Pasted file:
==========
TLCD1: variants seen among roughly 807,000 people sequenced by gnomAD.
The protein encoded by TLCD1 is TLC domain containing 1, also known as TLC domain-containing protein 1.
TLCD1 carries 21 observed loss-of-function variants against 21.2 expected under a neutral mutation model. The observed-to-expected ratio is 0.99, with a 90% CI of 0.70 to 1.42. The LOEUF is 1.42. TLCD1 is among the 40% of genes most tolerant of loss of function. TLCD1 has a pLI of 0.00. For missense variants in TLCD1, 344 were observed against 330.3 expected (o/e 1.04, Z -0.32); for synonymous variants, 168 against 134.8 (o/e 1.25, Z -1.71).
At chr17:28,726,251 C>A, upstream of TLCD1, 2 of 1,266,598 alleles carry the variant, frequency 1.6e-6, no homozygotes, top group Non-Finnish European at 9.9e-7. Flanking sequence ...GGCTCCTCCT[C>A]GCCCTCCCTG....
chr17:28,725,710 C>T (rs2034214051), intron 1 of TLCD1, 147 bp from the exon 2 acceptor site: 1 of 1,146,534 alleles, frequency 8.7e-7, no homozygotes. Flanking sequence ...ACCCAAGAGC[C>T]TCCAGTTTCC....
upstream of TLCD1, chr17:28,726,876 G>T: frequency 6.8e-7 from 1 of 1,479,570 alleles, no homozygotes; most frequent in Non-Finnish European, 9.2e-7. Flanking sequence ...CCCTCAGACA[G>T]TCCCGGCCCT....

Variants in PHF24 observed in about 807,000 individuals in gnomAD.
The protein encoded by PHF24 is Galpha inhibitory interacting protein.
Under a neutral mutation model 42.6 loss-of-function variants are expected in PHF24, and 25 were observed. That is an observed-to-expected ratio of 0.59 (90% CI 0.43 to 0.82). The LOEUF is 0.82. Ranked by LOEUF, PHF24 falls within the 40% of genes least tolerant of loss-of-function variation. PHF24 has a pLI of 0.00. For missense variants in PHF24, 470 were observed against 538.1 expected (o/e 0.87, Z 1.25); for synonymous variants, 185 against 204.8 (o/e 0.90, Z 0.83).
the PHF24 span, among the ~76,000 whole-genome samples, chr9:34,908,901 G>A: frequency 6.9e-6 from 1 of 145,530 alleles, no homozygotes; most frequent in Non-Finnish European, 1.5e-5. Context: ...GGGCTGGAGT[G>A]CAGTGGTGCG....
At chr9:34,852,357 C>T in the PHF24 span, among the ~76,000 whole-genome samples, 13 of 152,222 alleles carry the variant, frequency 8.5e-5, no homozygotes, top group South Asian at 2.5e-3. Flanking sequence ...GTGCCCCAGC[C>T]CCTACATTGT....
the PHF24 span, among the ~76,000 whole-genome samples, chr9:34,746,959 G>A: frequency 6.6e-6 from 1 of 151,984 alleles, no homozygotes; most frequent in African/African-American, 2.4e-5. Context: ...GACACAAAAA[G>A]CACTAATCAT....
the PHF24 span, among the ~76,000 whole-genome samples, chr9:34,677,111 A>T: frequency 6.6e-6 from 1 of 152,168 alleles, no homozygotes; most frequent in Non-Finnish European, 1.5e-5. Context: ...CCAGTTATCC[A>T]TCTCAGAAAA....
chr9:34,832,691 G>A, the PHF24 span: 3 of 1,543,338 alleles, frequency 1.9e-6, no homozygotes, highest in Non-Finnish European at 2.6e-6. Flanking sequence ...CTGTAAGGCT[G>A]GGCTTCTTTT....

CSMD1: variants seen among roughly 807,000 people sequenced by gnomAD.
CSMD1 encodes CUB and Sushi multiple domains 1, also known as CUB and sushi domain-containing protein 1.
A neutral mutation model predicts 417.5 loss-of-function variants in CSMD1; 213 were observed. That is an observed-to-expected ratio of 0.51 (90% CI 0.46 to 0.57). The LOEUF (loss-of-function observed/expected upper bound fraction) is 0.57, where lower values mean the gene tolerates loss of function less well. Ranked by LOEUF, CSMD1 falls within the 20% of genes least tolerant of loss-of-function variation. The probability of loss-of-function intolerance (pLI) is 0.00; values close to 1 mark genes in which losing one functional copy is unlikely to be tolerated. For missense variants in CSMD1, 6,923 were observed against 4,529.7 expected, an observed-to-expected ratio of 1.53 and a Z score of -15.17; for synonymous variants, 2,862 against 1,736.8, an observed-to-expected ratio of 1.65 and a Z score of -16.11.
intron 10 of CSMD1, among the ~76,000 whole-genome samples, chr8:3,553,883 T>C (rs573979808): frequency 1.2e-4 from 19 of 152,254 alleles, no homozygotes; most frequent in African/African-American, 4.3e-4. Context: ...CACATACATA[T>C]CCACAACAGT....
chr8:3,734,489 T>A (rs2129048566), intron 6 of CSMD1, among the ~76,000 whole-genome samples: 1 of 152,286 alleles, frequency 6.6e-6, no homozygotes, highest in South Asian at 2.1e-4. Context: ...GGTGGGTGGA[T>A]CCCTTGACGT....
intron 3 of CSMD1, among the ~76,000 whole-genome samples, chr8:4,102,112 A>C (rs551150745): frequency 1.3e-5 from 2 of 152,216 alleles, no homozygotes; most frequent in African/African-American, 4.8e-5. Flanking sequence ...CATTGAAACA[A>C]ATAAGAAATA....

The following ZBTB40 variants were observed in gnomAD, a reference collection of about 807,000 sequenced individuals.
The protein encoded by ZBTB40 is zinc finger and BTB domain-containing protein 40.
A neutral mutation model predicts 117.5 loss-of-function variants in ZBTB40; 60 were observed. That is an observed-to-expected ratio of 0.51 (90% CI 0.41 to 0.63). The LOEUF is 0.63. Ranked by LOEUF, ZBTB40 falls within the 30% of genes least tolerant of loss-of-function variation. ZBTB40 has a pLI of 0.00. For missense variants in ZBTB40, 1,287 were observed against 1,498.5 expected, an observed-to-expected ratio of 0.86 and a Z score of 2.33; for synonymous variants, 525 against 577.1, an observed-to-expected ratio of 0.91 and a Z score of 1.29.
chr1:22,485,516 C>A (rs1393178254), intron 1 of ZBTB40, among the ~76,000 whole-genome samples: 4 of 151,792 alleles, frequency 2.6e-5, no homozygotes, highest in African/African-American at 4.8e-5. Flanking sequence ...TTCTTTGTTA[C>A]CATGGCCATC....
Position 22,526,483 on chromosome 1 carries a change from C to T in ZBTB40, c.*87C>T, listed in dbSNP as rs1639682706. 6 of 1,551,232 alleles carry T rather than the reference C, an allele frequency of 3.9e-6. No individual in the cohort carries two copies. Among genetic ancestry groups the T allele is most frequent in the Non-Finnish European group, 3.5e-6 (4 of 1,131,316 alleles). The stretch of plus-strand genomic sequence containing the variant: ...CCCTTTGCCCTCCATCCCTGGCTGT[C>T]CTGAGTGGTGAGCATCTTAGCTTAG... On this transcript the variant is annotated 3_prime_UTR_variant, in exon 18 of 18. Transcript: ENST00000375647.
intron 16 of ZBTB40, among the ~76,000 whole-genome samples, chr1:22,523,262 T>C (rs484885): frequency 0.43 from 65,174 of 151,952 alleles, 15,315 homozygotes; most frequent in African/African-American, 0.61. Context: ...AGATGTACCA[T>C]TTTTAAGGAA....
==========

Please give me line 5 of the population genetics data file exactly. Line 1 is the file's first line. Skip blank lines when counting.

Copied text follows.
chr17:28,725,710 C>T (rs2034214051), intron 1 of TLCD1, 147 bp from the exon 2 acceptor site: 1 of 1,146,534 alleles, frequency 8.7e-7, no homozygotes. Flanking sequence ...ACCCAAGAGC[C>T]TCCAGTTTCC....